Photography by Leslie Chambers
Before coming to Taiwan, I lived in the city of Kunming, in southwest China. There are many things I miss about my old life there; in particular, I miss the warmth and fire of Chinese people. Compared to Taiwan, people in China are much more assertive, and much more talkative towards foreigners (no matter how broken the conversation was). It was common for strangers to start conversations with me, and common for them to pay for my meal or invite me to join their drinking. Whereas, in Taipei, although I have several great friends, and have many places where people know me well, the average person in the street still gives me the wide eyed “Borg stare” – as if they think that talking to me would be a very serious, possibly even dangerous activity. I miss the hearty Chinese welcome and curiosity, and the big dreams they had for their country’s gold rush age.
I also miss the incredible scenery of Yunnan province: the heroic mountains of Lijiang, Dali and Deqin; the huge, colourful Tibetan houses on the windy highlands around Zhongdian; the man-made wonder of Yuan Yang in the south – where rice terraces have been carved into mile after mile of hill and valley, making the land reflect the sunlight like a broken mirror. And while Kunming itself is not as pretty as it used to be (the Chinese government has cleverly destroyed most of the old streets), it has nearly perfect sunny weather. Aside from three or four cold weeks in winter, and a bit of rain in the summer, the rest of the year has daily flawless, non-humid sunshine.
However, there are many things I definitely don’t miss about living in China. One problem was that Chinese people’s lifestyles were simply very different to mine. Take cafes, as one example: Kunming people typically didn’t go to them, and so the only places offering both coffee and a place to relax were set up for foreigners. And this little case was true for all kinds of things, from how people imagined their lives to how they wanted to socialise with you, their new foreign friend. It seemed possible to have either a very harsh, very Chinese life, or a very comfortable, very foreigner-centric life, and after trying both, I found that neither made me happy. Taiwanese people’s culture is very different to mine, but at least in the cities, the way they live (drinking coffee, for example) is much more familiar. If there are still vast cultural differences, there is a lot of common ground to discuss them on.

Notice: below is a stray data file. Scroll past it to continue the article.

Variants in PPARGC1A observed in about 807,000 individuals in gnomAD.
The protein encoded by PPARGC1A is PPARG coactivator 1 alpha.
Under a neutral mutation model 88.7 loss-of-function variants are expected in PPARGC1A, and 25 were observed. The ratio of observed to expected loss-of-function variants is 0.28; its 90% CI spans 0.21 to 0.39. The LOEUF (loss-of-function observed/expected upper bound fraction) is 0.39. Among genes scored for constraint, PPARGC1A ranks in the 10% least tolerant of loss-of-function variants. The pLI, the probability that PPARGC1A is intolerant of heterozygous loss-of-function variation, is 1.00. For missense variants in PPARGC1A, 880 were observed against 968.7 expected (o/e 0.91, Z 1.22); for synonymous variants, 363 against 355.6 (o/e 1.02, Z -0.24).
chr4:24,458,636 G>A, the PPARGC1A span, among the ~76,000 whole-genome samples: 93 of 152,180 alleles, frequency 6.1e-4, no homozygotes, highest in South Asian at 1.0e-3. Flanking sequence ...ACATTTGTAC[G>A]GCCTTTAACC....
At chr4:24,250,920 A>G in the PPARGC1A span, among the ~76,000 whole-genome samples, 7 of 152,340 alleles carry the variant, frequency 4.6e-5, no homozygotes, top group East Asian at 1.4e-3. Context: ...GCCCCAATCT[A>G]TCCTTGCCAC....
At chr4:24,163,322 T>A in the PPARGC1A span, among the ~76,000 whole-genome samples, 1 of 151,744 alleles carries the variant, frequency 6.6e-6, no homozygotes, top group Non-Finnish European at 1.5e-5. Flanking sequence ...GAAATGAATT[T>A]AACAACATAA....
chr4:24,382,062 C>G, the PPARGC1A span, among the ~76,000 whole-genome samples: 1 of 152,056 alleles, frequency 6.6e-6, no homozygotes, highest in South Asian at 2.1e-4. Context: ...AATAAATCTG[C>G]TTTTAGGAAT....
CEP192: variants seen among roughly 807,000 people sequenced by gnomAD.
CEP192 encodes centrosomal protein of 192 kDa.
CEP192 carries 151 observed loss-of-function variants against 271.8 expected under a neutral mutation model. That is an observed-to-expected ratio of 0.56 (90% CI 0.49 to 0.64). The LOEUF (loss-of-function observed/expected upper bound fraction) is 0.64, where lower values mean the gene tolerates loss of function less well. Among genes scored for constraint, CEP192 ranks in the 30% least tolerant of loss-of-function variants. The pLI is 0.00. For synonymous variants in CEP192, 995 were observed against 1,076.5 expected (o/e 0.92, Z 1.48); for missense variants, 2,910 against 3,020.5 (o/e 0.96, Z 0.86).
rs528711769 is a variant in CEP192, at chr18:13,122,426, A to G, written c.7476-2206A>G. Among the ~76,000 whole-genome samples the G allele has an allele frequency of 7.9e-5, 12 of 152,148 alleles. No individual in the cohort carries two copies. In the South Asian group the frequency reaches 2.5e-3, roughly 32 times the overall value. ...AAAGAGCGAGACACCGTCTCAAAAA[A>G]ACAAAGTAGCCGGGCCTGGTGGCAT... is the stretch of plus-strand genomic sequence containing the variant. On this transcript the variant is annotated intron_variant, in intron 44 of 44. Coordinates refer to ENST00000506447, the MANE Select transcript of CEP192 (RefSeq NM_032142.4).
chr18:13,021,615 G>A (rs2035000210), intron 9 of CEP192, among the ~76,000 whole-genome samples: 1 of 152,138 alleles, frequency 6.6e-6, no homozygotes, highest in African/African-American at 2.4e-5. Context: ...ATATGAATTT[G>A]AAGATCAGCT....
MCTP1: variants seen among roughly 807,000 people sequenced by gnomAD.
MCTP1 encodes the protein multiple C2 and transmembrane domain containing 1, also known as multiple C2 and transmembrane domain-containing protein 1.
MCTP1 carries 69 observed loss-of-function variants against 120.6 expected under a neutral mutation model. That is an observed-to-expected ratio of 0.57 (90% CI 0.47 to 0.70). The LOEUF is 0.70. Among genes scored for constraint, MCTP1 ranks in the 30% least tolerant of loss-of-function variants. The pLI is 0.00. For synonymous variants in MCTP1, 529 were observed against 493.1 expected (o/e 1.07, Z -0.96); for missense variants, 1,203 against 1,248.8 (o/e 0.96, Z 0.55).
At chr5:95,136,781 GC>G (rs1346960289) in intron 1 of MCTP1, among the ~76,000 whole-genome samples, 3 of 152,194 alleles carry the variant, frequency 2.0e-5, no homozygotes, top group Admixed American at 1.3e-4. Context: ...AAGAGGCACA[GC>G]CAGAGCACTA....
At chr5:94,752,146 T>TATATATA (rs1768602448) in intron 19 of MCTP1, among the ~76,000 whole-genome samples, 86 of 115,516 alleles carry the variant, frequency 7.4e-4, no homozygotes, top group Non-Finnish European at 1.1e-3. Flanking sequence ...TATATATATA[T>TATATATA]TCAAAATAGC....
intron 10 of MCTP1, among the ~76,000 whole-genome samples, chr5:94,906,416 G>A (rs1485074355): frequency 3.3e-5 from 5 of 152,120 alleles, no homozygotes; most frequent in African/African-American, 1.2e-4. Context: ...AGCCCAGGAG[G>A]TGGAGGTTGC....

More importantly, living in China is a tough experience. Taiwan is actually a far more traditional place, especially in terms of religious festivals and mystical beliefs; China felt like a country that had lost something very important. Rather than being an ancient civilisation, China is brashly, hideously young, and is busy tearing down anything old that it hasn’t already finished off.
Businesses appear, make wild claims and then vanish. The police seem to do nothing, and no one I knew had any idea how the government operated. Little acts of trust, commonplace in wealthy societies, are impossible in a city like Kunming: the family I lived with couldn’t believe that, back in London, my parents lent a copy of the house keys to our next door neighbours.
And maybe as a result of this chaos and suspicion, the level of casual rudeness is astounding. Many Chinese people take the view that in the crowd, or waiting in a shop, you mean nothing to them. Give a little space, and you shouldn’t be surprised if someone shoves right past you. If you react angrily, you’ll be ignored. Or, if you go to a sweet family restaurant and eat without asking the price beforehand, the laoban will frequently triple the final bill for you. If you shout and scream, he or she won’t flinch. Life is too hard to worry about other people’s feelings.
Living in China also involves some very unappealing hygiene. Spitting in the street is universal; non-smoking sections in restaurants unheard of; nowhere in Asia have I seen worse toilets. Arriving in Taiwan, I was stunned by how refined the country was.
One final big difference between life in SW China and Taiwan is the price level. Actually, if you didn’t mind the sensation of being ripped off, you could avoid haggling altogether in Kunming, as most things were incredibly cheap. I shared a room in a Chinese hostel for 19 US dollars a month (150 RMB), and after that, two Israeli friends and I rented a beautiful modern apartment for 75 US a month. This makes life great if you come with some savings, as then you can study Chinese for a long time without needing to work, but if you want to teach English, it’s a mixed blessing. You can live nicely without doing much work, but you cannot save money or travel far.